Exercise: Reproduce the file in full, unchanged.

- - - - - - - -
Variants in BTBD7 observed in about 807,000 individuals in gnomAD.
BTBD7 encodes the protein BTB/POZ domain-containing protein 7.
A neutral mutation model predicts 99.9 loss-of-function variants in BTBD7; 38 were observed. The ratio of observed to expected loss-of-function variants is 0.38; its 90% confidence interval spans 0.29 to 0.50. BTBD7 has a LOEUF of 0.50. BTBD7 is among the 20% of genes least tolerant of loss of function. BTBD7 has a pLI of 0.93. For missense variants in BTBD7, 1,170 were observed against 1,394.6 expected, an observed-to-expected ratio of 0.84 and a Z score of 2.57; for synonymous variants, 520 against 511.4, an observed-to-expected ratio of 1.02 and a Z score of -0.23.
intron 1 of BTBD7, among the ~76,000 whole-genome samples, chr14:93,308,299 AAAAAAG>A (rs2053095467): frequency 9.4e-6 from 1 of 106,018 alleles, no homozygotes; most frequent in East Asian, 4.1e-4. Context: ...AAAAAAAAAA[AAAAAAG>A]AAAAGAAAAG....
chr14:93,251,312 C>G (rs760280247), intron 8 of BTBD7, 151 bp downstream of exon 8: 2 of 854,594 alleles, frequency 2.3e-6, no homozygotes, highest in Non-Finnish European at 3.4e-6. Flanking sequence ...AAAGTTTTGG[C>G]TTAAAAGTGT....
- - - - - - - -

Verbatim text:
Variants in BTBD7 observed in about 807,000 individuals in gnomAD.
BTBD7 encodes the protein BTB/POZ domain-containing protein 7.
A neutral mutation model predicts 99.9 loss-of-function variants in BTBD7; 38 were observed. The ratio of observed to expected loss-of-function variants is 0.38; its 90% confidence interval spans 0.29 to 0.50. BTBD7 has a LOEUF of 0.50. BTBD7 is among the 20% of genes least tolerant of loss of function. BTBD7 has a pLI of 0.93. For missense variants in BTBD7, 1,170 were observed against 1,394.6 expected, an observed-to-expected ratio of 0.84 and a Z score of 2.57; for synonymous variants, 520 against 511.4, an observed-to-expected ratio of 1.02 and a Z score of -0.23.
intron 1 of BTBD7, among the ~76,000 whole-genome samples, chr14:93,308,299 AAAAAAG>A (rs2053095467): frequency 9.4e-6 from 1 of 106,018 alleles, no homozygotes; most frequent in East Asian, 4.1e-4. Context: ...AAAAAAAAAA[AAAAAAG>A]AAAAGAAAAG....
chr14:93,251,312 C>G (rs760280247), intron 8 of BTBD7, 151 bp downstream of exon 8: 2 of 854,594 alleles, frequency 2.3e-6, no homozygotes, highest in Non-Finnish European at 3.4e-6. Flanking sequence ...AAAGTTTTGG[C>G]TTAAAAGTGT....